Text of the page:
Chris Biggins, who gives at the office in London (as the nefarious Baron), spent his few days off from Chitty, catching this one. Trish Walsh-Smith, wife of Shubert prexy Phil Smith, made sure he met and chatted up Esparza, who had seen the London production.
Late-arriving—because they had their own shows to do—were Jonathan Dokuchitz, now the TV deejay of Hairspray, and Jesse Tyler Ferguson, who's opening Monday at Circle in the Square in The 25th Annual Putnam County Spelling Bee. William Finn, who contributed songs to the latter, attended the show as a longtime friend of Chip Zien, one of two nefarious characters pumping conflict and turmoil in the evening's proceedings.
Dokuchitz was there for Dilly, and Ferguson was there for Kevin Cahoon, a pal (before and) since the "Encores!" Hair—and Chitty's chief heavy, The Childcatcher, who corrals and jails all the subteens in the vicinity of Vulgaria. It is complete boos, he said, "from the minute I show up to the curtain call," and it doesn't help any—then, again, it helps an awful lot—that he is made up to look like the archetype of scary silent-screen evil: Max Schreck in the vampiric title role of F. W. Murnau's 1922 Nosferatu. "But there's a lot of glamour to him," Cahoon insisted, trying to put a good face on it. "The character is very egocentric and has a lot of vanity. We do big red lips and crazy eyebrows for him."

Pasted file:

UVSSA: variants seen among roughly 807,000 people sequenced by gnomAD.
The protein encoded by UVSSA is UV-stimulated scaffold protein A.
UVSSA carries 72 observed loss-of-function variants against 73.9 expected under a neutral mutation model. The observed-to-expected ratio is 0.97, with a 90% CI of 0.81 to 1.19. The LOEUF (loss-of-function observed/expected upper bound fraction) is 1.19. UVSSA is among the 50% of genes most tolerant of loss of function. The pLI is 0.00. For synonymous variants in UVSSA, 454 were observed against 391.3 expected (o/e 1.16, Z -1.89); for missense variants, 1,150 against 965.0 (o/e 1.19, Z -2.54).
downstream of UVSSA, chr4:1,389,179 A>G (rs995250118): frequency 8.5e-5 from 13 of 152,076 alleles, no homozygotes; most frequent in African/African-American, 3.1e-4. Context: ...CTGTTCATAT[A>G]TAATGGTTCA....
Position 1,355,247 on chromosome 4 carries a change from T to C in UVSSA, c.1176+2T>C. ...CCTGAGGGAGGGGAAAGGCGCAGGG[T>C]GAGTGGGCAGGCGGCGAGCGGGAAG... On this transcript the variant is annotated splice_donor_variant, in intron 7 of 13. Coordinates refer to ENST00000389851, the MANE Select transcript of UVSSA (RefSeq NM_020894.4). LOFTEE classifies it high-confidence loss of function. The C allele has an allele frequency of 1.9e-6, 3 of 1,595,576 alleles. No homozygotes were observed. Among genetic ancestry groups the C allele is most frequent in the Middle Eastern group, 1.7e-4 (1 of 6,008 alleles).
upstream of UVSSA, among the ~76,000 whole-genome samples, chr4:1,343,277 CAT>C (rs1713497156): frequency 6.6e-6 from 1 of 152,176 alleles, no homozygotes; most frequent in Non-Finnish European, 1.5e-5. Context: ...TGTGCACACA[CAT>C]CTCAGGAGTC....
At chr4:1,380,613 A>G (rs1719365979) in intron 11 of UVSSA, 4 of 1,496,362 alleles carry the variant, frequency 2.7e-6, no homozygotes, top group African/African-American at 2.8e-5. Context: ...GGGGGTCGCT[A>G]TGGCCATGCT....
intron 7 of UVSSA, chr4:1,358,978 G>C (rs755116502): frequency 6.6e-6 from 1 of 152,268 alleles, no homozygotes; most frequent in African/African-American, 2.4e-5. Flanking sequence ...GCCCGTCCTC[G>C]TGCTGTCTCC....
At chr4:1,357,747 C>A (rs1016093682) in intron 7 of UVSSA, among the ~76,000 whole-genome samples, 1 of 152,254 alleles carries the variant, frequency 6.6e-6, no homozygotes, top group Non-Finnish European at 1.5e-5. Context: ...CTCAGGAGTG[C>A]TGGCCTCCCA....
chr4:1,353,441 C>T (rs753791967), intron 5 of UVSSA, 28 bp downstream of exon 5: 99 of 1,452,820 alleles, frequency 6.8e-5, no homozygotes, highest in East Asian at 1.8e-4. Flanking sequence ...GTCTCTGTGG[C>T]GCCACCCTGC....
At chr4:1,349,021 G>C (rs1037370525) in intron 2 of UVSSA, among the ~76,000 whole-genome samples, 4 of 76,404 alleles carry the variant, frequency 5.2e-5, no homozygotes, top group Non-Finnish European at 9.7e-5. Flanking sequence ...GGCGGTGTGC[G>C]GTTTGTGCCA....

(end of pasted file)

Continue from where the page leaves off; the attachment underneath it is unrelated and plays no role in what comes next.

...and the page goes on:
Not a lot of love is lost between him and the audience when he is hoisted by a cargo net to the moon, it would seem. (Quite a few of the actors become airborne at one point or another during the show, including Bosco who does his traveling in a portable outhouse.)